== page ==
There is none who does good

If we were to survey people, believers and unbelievers alike, and ask them about the nature of man, I suspect the majority of people would say humanity is inherently good. At the very least they would say, There’s a little good in all of us.” Perhaps we would also find some who would say we are born morally neutral. We’re neither good nor evil until we choose to do either good or evil.

In most cases, this anthropological foundation leads to a soteriology of works. In other words, if someone believes man is inherently good or, at the very least, morally neutral, he will most likely believe salvation is based on a running record of our works. If our good works outweigh our sins, he thinks, then we’ll go to heaven. If not, we may still go to heaven because, after all, God is gracious.

This, however, is not what the Bible teaches. Man is not good. We are not even morally neutral. As David says, They have all turned aside; together they have become corrupt; there is none who does good, not even one (Ps 14:3).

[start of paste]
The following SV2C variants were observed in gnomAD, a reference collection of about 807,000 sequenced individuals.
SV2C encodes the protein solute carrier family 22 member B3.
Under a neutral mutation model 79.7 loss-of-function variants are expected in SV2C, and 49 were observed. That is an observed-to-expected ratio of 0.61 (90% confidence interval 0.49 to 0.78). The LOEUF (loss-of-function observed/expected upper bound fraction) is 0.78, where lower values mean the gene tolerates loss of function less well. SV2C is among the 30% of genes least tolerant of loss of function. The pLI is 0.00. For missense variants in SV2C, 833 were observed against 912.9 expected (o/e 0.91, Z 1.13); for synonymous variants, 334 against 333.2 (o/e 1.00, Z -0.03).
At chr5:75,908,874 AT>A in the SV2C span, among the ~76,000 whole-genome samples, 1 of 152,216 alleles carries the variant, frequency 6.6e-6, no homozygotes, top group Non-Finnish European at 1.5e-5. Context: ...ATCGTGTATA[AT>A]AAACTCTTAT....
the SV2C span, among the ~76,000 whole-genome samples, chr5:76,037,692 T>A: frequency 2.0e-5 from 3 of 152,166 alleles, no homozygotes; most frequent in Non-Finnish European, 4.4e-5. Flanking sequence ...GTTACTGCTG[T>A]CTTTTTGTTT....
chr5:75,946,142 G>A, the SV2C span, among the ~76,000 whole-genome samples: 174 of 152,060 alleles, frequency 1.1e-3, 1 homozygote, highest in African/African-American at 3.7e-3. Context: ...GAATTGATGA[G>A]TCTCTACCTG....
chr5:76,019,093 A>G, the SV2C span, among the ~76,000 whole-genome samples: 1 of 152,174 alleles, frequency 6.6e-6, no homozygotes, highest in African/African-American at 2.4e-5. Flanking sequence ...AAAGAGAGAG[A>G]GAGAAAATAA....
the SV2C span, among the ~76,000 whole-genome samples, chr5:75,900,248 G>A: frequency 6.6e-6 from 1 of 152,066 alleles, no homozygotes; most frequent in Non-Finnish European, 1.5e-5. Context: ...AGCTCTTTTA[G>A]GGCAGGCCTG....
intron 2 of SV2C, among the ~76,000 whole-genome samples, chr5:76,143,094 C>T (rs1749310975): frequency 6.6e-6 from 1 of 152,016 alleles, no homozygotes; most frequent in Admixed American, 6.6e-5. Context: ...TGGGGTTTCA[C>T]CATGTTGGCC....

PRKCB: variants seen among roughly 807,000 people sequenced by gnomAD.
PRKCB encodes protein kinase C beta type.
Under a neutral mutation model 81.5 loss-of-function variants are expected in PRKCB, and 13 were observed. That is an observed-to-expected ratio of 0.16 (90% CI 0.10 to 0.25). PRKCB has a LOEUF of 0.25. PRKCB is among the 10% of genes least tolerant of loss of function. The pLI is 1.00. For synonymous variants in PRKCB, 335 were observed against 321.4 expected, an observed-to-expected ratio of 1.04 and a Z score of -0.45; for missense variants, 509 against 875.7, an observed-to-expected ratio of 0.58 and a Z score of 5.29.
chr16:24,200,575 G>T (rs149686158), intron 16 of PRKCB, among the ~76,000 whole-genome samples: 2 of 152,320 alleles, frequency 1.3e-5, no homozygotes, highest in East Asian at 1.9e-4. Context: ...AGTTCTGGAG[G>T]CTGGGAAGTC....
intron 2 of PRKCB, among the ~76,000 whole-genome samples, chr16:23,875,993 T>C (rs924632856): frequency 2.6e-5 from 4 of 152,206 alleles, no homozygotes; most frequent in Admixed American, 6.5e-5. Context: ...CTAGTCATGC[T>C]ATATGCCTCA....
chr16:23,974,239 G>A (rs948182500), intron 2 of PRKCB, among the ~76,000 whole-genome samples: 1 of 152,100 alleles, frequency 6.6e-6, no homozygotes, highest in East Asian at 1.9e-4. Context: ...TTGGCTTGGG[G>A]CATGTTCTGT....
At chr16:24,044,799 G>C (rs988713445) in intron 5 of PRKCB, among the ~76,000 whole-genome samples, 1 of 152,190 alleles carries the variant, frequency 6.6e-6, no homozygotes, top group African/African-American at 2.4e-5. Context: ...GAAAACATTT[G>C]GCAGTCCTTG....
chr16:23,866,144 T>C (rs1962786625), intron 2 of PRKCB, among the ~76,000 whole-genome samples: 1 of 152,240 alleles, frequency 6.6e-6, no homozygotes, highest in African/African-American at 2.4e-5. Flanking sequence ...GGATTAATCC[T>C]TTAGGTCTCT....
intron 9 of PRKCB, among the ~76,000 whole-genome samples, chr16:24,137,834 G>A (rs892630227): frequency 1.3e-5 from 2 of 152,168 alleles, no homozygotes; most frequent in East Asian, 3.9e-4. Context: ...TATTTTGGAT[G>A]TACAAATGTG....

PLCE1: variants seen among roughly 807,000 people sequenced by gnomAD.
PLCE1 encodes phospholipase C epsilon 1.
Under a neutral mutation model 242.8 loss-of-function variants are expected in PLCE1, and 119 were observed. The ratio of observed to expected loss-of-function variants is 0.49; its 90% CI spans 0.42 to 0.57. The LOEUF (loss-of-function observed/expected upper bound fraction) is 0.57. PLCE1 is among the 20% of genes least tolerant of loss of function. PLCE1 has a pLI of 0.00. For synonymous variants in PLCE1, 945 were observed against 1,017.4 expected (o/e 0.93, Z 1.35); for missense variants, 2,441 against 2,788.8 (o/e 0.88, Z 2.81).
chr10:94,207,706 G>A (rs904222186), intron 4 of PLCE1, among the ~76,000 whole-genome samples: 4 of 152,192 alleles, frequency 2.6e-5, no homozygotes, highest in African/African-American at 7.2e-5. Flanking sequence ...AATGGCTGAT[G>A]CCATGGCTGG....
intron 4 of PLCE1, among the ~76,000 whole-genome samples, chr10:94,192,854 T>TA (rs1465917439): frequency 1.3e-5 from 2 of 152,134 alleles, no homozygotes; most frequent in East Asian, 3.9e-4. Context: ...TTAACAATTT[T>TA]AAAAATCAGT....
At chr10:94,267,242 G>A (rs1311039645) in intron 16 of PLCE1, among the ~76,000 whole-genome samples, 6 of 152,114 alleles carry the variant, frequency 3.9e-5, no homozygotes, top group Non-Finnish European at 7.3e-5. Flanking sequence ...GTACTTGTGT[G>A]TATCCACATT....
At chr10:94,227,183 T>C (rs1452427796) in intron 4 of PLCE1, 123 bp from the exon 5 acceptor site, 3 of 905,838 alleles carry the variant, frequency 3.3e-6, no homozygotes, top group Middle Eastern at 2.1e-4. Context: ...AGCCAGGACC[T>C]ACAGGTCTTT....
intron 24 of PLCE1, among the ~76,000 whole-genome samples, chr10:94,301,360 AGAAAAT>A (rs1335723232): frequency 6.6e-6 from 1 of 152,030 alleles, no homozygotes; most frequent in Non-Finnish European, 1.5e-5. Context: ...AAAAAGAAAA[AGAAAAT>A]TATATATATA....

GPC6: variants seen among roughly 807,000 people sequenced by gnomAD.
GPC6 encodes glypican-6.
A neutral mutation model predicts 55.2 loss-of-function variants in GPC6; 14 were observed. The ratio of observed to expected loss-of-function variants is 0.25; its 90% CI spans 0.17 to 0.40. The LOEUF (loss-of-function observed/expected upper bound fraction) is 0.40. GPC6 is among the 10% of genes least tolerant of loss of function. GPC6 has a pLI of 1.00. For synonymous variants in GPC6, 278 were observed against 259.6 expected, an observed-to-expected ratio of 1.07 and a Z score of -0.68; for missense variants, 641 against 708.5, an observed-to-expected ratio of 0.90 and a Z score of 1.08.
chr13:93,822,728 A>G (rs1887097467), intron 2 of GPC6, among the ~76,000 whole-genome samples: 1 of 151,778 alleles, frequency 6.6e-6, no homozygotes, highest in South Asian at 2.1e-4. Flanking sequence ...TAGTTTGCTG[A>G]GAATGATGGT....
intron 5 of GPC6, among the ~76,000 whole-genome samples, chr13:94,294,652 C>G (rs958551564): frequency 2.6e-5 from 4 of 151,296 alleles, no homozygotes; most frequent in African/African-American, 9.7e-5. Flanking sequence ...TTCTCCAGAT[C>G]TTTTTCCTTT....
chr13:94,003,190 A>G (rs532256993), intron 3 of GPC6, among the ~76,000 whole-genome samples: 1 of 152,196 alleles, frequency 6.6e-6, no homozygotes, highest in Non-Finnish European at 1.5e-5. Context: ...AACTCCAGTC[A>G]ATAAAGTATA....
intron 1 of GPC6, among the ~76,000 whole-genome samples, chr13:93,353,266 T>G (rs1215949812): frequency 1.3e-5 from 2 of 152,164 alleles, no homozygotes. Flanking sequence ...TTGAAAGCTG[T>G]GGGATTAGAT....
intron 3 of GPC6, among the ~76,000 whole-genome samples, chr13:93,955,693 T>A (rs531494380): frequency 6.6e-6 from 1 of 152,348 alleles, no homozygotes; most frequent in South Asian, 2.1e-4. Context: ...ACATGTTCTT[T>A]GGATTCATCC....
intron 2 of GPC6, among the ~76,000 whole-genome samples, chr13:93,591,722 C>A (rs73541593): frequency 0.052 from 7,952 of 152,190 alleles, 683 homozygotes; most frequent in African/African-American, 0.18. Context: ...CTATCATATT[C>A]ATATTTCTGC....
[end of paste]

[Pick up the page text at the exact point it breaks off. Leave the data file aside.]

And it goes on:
If you’ve ever raised children, you hardly need the Bible to tell this. I have never taught my children to lie. I have never taught them to be disrespectful or disobedient. Even so, I have caught them lying. I have seen them be disrespectful and disobedient. From where does this sinful impulse come? If it doesn’t come from outside of themselves, it must come from inside of themselves.

The prophet Jeremiah says, The heart is deceitful above all things, and desperately sick (Jer 17:9). Our sinfulness is not merely a matter of committing sin. Our very nature is sinful. Elsewhere, David says, I was brought forth, or born, in iniquity, and in sin did my mother conceive me (Ps 51:5). We are sinful from the very moment of conception.

Praise God for his mercy and salvation, but let us never forget from what God saves us. He saves us from our sin. In a very real sense, he saves us from ourselves.

There is none who does good

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